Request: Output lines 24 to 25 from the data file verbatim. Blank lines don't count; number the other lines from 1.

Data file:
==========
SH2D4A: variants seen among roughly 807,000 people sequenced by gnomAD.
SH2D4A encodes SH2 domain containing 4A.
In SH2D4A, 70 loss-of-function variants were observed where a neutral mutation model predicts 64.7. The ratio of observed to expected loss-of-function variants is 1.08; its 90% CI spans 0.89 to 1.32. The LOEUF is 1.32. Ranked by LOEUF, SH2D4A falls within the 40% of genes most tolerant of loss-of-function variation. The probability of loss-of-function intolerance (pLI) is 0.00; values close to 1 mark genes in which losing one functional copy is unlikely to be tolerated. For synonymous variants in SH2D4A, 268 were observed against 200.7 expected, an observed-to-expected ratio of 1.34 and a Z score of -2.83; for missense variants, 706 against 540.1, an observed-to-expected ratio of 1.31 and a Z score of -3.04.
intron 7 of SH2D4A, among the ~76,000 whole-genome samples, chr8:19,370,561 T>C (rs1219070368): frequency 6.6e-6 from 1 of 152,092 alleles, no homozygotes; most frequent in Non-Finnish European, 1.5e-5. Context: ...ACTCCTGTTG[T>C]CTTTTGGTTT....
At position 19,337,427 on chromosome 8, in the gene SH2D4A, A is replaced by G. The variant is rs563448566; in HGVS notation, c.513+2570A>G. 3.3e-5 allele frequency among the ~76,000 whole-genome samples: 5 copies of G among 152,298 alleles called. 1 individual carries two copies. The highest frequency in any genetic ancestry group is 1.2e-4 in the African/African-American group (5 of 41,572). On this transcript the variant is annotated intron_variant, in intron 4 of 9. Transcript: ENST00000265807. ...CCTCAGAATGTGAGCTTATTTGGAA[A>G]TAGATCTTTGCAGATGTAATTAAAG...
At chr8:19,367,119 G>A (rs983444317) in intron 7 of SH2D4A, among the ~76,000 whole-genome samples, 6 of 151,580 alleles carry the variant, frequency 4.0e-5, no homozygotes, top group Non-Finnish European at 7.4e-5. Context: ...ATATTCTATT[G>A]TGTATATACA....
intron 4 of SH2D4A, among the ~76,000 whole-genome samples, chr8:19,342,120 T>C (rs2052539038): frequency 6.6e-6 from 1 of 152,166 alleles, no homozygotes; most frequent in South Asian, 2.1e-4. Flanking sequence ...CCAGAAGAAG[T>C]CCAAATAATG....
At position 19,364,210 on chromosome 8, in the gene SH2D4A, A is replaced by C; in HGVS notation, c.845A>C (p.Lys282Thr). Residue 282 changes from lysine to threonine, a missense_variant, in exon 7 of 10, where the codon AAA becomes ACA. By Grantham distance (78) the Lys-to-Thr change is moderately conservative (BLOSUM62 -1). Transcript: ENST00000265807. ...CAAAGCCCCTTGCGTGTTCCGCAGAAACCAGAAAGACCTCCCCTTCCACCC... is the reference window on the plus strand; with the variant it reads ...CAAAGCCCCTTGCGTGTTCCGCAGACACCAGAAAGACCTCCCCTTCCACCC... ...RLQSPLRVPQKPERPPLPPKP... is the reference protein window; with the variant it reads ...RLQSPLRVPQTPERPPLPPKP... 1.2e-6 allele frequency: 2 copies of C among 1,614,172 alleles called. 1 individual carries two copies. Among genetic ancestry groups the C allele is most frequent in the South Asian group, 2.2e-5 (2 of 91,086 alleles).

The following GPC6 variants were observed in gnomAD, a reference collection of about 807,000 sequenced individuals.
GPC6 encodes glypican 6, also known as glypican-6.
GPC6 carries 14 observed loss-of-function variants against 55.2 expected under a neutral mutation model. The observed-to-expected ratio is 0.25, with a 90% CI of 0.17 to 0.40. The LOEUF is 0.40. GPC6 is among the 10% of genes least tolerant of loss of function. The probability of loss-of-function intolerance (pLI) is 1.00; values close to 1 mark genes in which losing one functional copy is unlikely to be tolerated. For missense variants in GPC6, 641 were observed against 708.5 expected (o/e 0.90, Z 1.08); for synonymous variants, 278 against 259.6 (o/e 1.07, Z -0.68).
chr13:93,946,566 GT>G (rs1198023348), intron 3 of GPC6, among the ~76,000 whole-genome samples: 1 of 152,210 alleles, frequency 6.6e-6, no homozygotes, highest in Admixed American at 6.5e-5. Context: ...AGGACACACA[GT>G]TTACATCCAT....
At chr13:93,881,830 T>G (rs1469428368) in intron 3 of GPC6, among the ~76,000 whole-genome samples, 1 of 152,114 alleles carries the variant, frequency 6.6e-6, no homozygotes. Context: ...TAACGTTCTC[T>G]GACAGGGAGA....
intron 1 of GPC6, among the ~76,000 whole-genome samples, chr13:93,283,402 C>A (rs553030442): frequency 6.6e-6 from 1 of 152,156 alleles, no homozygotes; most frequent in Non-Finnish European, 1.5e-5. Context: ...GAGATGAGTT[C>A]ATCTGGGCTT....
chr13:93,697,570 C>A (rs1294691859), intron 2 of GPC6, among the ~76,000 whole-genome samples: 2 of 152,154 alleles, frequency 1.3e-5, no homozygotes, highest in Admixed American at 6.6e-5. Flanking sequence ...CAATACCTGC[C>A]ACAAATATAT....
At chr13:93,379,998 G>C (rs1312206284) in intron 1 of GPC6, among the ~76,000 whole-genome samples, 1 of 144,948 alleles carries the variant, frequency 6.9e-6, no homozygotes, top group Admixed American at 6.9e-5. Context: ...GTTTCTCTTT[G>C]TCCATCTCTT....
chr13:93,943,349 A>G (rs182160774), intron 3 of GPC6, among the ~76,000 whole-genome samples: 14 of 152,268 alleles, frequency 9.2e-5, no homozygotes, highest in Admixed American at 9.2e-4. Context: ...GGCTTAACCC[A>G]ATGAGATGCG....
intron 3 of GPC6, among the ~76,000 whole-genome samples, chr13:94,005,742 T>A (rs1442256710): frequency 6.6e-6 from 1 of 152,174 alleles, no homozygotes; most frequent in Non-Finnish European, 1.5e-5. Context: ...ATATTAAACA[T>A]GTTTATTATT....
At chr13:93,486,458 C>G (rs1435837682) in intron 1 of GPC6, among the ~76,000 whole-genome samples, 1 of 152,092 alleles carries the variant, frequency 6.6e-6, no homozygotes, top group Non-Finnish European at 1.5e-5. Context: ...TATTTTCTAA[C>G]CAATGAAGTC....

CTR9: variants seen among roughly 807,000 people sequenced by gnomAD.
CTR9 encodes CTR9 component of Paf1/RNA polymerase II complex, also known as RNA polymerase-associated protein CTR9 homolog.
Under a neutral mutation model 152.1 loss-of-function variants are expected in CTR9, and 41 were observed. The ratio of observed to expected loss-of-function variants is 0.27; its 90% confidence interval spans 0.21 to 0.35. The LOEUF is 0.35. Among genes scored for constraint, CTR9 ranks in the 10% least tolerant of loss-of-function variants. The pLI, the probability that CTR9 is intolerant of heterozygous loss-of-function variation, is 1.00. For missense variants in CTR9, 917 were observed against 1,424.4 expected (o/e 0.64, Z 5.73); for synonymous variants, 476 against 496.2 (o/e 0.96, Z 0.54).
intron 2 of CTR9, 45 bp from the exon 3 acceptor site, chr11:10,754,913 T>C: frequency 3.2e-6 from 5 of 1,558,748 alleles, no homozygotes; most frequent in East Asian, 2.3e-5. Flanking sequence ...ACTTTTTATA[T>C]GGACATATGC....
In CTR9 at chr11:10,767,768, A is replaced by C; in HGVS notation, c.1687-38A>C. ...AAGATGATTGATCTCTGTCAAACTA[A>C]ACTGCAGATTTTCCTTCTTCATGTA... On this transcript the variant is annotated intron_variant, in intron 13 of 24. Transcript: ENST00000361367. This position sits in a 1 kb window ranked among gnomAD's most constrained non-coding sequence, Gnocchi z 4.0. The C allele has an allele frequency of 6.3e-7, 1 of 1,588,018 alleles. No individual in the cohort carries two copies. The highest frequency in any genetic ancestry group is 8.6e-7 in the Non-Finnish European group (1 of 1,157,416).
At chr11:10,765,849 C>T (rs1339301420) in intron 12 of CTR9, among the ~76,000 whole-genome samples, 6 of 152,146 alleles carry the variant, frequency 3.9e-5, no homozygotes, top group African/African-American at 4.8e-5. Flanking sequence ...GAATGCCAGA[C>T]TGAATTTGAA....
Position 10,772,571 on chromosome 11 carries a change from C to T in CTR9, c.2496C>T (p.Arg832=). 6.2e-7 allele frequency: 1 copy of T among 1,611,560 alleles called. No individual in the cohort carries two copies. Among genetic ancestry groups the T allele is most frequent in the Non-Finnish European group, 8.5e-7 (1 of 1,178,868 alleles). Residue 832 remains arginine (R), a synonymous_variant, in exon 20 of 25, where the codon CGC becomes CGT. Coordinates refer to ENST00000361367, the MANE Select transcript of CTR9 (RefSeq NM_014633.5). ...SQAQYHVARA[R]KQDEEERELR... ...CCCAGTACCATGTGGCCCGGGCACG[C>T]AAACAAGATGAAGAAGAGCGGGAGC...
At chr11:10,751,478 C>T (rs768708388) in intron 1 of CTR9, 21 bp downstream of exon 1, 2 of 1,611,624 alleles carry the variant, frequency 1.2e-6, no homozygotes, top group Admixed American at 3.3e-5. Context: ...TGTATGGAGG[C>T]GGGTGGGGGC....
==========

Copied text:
In CTR9 at chr11:10,767,768, A is replaced by C; in HGVS notation, c.1687-38A>C. ...AAGATGATTGATCTCTGTCAAACTA[A>C]ACTGCAGATTTTCCTTCTTCATGTA... On this transcript the variant is annotated intron_variant, in intron 13 of 24. Transcript: ENST00000361367. This position sits in a 1 kb window ranked among gnomAD's most constrained non-coding sequence, Gnocchi z 4.0. The C allele has an allele frequency of 6.3e-7, 1 of 1,588,018 alleles. No individual in the cohort carries two copies. The highest frequency in any genetic ancestry group is 8.6e-7 in the Non-Finnish European group (1 of 1,157,416).
At chr11:10,765,849 C>T (rs1339301420) in intron 12 of CTR9, among the ~76,000 whole-genome samples, 6 of 152,146 alleles carry the variant, frequency 3.9e-5, no homozygotes, top group African/African-American at 4.8e-5. Flanking sequence ...GAATGCCAGA[C>T]TGAATTTGAA....